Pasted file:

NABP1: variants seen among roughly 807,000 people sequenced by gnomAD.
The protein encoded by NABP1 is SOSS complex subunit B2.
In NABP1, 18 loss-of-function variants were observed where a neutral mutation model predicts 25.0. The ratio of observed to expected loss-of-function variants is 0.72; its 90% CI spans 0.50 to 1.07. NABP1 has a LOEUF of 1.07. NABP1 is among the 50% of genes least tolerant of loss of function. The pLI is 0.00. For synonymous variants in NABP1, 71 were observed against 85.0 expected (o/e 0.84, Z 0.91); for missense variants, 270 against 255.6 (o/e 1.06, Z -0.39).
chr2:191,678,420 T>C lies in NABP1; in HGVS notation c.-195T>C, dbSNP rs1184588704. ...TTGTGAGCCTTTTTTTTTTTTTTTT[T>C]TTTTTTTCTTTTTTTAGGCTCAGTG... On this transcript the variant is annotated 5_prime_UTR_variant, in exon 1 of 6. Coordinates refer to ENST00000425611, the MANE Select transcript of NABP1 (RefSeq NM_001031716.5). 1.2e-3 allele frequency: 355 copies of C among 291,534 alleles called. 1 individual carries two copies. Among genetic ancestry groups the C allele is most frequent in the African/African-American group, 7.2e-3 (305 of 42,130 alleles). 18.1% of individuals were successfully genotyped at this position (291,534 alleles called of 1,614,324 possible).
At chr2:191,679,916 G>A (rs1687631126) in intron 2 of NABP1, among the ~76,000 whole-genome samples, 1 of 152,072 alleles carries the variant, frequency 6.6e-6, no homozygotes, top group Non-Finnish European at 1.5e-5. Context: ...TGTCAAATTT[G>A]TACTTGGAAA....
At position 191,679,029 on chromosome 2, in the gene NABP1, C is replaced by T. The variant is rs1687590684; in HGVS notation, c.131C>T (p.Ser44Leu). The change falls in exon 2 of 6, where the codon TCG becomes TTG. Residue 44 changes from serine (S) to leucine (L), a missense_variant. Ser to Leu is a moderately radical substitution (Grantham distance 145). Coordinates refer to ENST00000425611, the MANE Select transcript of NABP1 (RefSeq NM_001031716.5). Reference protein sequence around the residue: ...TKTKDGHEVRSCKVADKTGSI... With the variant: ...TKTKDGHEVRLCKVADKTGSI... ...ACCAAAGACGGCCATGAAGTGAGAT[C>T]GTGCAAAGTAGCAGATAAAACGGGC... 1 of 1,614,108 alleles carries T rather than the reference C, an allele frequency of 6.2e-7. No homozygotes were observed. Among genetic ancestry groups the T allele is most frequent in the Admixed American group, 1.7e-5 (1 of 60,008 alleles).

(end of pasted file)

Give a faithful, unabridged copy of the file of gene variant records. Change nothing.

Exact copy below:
NABP1: variants seen among roughly 807,000 people sequenced by gnomAD.
The protein encoded by NABP1 is SOSS complex subunit B2.
In NABP1, 18 loss-of-function variants were observed where a neutral mutation model predicts 25.0. The ratio of observed to expected loss-of-function variants is 0.72; its 90% CI spans 0.50 to 1.07. NABP1 has a LOEUF of 1.07. NABP1 is among the 50% of genes least tolerant of loss of function. The pLI is 0.00. For synonymous variants in NABP1, 71 were observed against 85.0 expected (o/e 0.84, Z 0.91); for missense variants, 270 against 255.6 (o/e 1.06, Z -0.39).
chr2:191,678,420 T>C lies in NABP1; in HGVS notation c.-195T>C, dbSNP rs1184588704. ...TTGTGAGCCTTTTTTTTTTTTTTTT[T>C]TTTTTTTCTTTTTTTAGGCTCAGTG... On this transcript the variant is annotated 5_prime_UTR_variant, in exon 1 of 6. Coordinates refer to ENST00000425611, the MANE Select transcript of NABP1 (RefSeq NM_001031716.5). 1.2e-3 allele frequency: 355 copies of C among 291,534 alleles called. 1 individual carries two copies. Among genetic ancestry groups the C allele is most frequent in the African/African-American group, 7.2e-3 (305 of 42,130 alleles). 18.1% of individuals were successfully genotyped at this position (291,534 alleles called of 1,614,324 possible).
At chr2:191,679,916 G>A (rs1687631126) in intron 2 of NABP1, among the ~76,000 whole-genome samples, 1 of 152,072 alleles carries the variant, frequency 6.6e-6, no homozygotes, top group Non-Finnish European at 1.5e-5. Context: ...TGTCAAATTT[G>A]TACTTGGAAA....
At position 191,679,029 on chromosome 2, in the gene NABP1, C is replaced by T. The variant is rs1687590684; in HGVS notation, c.131C>T (p.Ser44Leu). The change falls in exon 2 of 6, where the codon TCG becomes TTG. Residue 44 changes from serine (S) to leucine (L), a missense_variant. Ser to Leu is a moderately radical substitution (Grantham distance 145). Coordinates refer to ENST00000425611, the MANE Select transcript of NABP1 (RefSeq NM_001031716.5). Reference protein sequence around the residue: ...TKTKDGHEVRSCKVADKTGSI... With the variant: ...TKTKDGHEVRLCKVADKTGSI... ...ACCAAAGACGGCCATGAAGTGAGAT[C>T]GTGCAAAGTAGCAGATAAAACGGGC... 1 of 1,614,108 alleles carries T rather than the reference C, an allele frequency of 6.2e-7. No homozygotes were observed. Among genetic ancestry groups the T allele is most frequent in the Admixed American group, 1.7e-5 (1 of 60,008 alleles).